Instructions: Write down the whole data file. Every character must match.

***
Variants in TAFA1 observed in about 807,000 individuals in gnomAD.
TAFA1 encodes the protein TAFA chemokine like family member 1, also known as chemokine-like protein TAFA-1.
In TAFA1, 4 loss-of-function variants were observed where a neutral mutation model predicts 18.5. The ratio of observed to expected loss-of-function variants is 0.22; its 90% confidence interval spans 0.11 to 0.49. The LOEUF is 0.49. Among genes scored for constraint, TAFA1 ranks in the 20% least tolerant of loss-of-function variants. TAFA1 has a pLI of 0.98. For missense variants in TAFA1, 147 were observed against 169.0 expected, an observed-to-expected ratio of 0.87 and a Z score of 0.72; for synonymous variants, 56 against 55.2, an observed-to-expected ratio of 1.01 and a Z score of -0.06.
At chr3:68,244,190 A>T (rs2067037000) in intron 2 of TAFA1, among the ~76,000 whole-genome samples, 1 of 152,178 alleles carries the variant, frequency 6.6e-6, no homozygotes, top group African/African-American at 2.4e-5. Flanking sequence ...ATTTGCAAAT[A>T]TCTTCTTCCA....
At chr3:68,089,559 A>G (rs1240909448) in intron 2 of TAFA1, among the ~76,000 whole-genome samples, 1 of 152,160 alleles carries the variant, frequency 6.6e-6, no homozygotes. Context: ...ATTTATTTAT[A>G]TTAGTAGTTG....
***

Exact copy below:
Variants in TAFA1 observed in about 807,000 individuals in gnomAD.
TAFA1 encodes the protein TAFA chemokine like family member 1, also known as chemokine-like protein TAFA-1.
In TAFA1, 4 loss-of-function variants were observed where a neutral mutation model predicts 18.5. The ratio of observed to expected loss-of-function variants is 0.22; its 90% confidence interval spans 0.11 to 0.49. The LOEUF is 0.49. Among genes scored for constraint, TAFA1 ranks in the 20% least tolerant of loss-of-function variants. TAFA1 has a pLI of 0.98. For missense variants in TAFA1, 147 were observed against 169.0 expected, an observed-to-expected ratio of 0.87 and a Z score of 0.72; for synonymous variants, 56 against 55.2, an observed-to-expected ratio of 1.01 and a Z score of -0.06.
At chr3:68,244,190 A>T (rs2067037000) in intron 2 of TAFA1, among the ~76,000 whole-genome samples, 1 of 152,178 alleles carries the variant, frequency 6.6e-6, no homozygotes, top group African/African-American at 2.4e-5. Flanking sequence ...ATTTGCAAAT[A>T]TCTTCTTCCA....
At chr3:68,089,559 A>G (rs1240909448) in intron 2 of TAFA1, among the ~76,000 whole-genome samples, 1 of 152,160 alleles carries the variant, frequency 6.6e-6, no homozygotes. Context: ...ATTTATTTAT[A>G]TTAGTAGTTG....